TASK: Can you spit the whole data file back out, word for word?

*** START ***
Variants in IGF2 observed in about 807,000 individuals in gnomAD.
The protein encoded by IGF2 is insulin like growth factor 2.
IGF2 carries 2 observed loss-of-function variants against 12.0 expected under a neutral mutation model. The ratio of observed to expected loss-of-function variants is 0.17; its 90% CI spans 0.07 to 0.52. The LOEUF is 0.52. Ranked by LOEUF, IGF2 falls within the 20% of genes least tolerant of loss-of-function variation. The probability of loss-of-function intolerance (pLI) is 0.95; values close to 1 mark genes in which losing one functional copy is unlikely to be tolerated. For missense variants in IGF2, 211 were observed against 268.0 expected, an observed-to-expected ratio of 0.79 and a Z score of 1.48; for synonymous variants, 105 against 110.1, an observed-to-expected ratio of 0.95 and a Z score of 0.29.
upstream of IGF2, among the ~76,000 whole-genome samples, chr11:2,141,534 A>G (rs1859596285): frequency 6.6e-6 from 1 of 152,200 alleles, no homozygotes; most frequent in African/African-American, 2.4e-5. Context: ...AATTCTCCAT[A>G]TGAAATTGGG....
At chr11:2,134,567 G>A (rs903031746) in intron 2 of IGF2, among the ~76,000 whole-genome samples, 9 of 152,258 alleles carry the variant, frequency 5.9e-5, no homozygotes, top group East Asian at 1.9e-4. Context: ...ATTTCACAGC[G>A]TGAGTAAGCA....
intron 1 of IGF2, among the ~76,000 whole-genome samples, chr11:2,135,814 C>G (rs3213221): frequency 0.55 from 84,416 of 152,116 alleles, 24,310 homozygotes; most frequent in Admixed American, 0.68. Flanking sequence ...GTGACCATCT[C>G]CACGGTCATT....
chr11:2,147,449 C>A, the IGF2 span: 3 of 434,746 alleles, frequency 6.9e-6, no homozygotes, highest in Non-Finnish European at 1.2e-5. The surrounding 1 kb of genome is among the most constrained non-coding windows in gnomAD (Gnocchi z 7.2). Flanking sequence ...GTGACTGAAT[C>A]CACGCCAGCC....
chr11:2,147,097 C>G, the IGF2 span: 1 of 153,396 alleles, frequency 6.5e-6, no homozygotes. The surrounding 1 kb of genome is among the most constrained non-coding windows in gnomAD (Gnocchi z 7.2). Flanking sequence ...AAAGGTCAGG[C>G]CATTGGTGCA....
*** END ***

Variants in IGF2 observed in about 807,000 individuals in gnomAD.
The protein encoded by IGF2 is insulin like growth factor 2.
IGF2 carries 2 observed loss-of-function variants against 12.0 expected under a neutral mutation model. The ratio of observed to expected loss-of-function variants is 0.17; its 90% CI spans 0.07 to 0.52. The LOEUF is 0.52. Ranked by LOEUF, IGF2 falls within the 20% of genes least tolerant of loss-of-function variation. The probability of loss-of-function intolerance (pLI) is 0.95; values close to 1 mark genes in which losing one functional copy is unlikely to be tolerated. For missense variants in IGF2, 211 were observed against 268.0 expected, an observed-to-expected ratio of 0.79 and a Z score of 1.48; for synonymous variants, 105 against 110.1, an observed-to-expected ratio of 0.95 and a Z score of 0.29.
upstream of IGF2, among the ~76,000 whole-genome samples, chr11:2,141,534 A>G (rs1859596285): frequency 6.6e-6 from 1 of 152,200 alleles, no homozygotes; most frequent in African/African-American, 2.4e-5. Context: ...AATTCTCCAT[A>G]TGAAATTGGG....
At chr11:2,134,567 G>A (rs903031746) in intron 2 of IGF2, among the ~76,000 whole-genome samples, 9 of 152,258 alleles carry the variant, frequency 5.9e-5, no homozygotes, top group East Asian at 1.9e-4. Context: ...ATTTCACAGC[G>A]TGAGTAAGCA....
intron 1 of IGF2, among the ~76,000 whole-genome samples, chr11:2,135,814 C>G (rs3213221): frequency 0.55 from 84,416 of 152,116 alleles, 24,310 homozygotes; most frequent in Admixed American, 0.68. Flanking sequence ...GTGACCATCT[C>G]CACGGTCATT....
chr11:2,147,449 C>A, the IGF2 span: 3 of 434,746 alleles, frequency 6.9e-6, no homozygotes, highest in Non-Finnish European at 1.2e-5. The surrounding 1 kb of genome is among the most constrained non-coding windows in gnomAD (Gnocchi z 7.2). Flanking sequence ...GTGACTGAAT[C>A]CACGCCAGCC....
chr11:2,147,097 C>G, the IGF2 span: 1 of 153,396 alleles, frequency 6.5e-6, no homozygotes. The surrounding 1 kb of genome is among the most constrained non-coding windows in gnomAD (Gnocchi z 7.2). Flanking sequence ...AAAGGTCAGG[C>G]CATTGGTGCA....